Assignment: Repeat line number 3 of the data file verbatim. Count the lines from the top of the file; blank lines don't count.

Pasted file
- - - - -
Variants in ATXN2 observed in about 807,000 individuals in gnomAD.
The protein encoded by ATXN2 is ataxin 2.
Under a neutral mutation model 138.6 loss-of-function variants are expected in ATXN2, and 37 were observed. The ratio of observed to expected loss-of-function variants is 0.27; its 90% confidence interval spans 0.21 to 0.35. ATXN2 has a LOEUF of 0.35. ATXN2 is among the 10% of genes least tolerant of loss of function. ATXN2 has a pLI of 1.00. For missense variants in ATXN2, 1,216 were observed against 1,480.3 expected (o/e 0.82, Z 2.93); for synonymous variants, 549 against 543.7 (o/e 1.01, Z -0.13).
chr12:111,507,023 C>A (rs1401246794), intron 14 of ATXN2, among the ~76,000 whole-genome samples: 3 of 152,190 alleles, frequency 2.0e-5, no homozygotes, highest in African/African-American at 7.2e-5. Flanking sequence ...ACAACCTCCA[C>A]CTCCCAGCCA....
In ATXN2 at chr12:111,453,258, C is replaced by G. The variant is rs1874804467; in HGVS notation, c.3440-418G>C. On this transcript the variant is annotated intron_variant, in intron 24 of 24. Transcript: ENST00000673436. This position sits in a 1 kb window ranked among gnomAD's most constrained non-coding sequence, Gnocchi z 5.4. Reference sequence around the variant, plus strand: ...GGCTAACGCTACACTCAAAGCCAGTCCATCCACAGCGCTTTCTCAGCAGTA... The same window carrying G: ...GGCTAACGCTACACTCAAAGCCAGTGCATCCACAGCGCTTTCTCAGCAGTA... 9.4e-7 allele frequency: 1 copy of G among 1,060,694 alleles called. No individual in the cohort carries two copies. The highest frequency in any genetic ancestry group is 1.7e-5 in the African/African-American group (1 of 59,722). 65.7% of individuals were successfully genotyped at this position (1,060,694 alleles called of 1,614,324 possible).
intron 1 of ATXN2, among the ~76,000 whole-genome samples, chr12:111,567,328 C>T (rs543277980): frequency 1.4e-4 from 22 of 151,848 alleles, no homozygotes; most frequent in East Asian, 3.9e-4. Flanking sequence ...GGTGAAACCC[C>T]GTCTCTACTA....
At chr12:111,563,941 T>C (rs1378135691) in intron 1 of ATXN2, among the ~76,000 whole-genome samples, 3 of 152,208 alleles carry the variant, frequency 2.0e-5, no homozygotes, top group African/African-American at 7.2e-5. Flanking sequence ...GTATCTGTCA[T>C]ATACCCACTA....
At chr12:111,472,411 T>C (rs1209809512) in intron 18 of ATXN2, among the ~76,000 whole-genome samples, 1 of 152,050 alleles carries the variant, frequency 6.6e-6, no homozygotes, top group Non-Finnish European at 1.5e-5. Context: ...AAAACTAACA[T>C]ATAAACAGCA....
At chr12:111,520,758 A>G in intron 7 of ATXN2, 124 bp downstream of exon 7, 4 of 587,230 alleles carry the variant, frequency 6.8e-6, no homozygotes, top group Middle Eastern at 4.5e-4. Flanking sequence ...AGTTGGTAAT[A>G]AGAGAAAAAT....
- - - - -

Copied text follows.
Under a neutral mutation model 138.6 loss-of-function variants are expected in ATXN2, and 37 were observed. The ratio of observed to expected loss-of-function variants is 0.27; its 90% confidence interval spans 0.21 to 0.35. ATXN2 has a LOEUF of 0.35. ATXN2 is among the 10% of genes least tolerant of loss of function. ATXN2 has a pLI of 1.00. For missense variants in ATXN2, 1,216 were observed against 1,480.3 expected (o/e 0.82, Z 2.93); for synonymous variants, 549 against 543.7 (o/e 1.01, Z -0.13).